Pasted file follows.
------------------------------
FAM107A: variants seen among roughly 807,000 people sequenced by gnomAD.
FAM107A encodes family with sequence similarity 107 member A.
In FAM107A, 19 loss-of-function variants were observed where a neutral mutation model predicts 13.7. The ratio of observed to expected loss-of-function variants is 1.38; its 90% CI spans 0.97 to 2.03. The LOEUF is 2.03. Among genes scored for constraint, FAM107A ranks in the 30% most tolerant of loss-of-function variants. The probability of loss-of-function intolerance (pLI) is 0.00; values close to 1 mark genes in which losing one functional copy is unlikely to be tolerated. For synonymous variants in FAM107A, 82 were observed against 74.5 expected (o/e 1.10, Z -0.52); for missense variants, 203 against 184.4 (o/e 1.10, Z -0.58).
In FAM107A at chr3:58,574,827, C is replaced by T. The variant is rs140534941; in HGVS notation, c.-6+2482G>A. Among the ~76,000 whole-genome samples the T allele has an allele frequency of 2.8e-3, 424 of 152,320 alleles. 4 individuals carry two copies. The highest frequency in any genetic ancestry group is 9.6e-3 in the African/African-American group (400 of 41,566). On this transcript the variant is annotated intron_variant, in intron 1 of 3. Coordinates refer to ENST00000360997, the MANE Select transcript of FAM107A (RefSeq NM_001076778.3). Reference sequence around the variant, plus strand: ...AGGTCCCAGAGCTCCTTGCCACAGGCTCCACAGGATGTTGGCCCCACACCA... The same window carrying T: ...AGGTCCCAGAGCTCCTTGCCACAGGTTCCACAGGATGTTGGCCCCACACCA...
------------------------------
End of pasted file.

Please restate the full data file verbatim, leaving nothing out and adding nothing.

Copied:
FAM107A: variants seen among roughly 807,000 people sequenced by gnomAD.
FAM107A encodes family with sequence similarity 107 member A.
In FAM107A, 19 loss-of-function variants were observed where a neutral mutation model predicts 13.7. The ratio of observed to expected loss-of-function variants is 1.38; its 90% CI spans 0.97 to 2.03. The LOEUF is 2.03. Among genes scored for constraint, FAM107A ranks in the 30% most tolerant of loss-of-function variants. The probability of loss-of-function intolerance (pLI) is 0.00; values close to 1 mark genes in which losing one functional copy is unlikely to be tolerated. For synonymous variants in FAM107A, 82 were observed against 74.5 expected (o/e 1.10, Z -0.52); for missense variants, 203 against 184.4 (o/e 1.10, Z -0.58).
In FAM107A at chr3:58,574,827, C is replaced by T. The variant is rs140534941; in HGVS notation, c.-6+2482G>A. Among the ~76,000 whole-genome samples the T allele has an allele frequency of 2.8e-3, 424 of 152,320 alleles. 4 individuals carry two copies. The highest frequency in any genetic ancestry group is 9.6e-3 in the African/African-American group (400 of 41,566). On this transcript the variant is annotated intron_variant, in intron 1 of 3. Coordinates refer to ENST00000360997, the MANE Select transcript of FAM107A (RefSeq NM_001076778.3). Reference sequence around the variant, plus strand: ...AGGTCCCAGAGCTCCTTGCCACAGGCTCCACAGGATGTTGGCCCCACACCA... The same window carrying T: ...AGGTCCCAGAGCTCCTTGCCACAGGTTCCACAGGATGTTGGCCCCACACCA...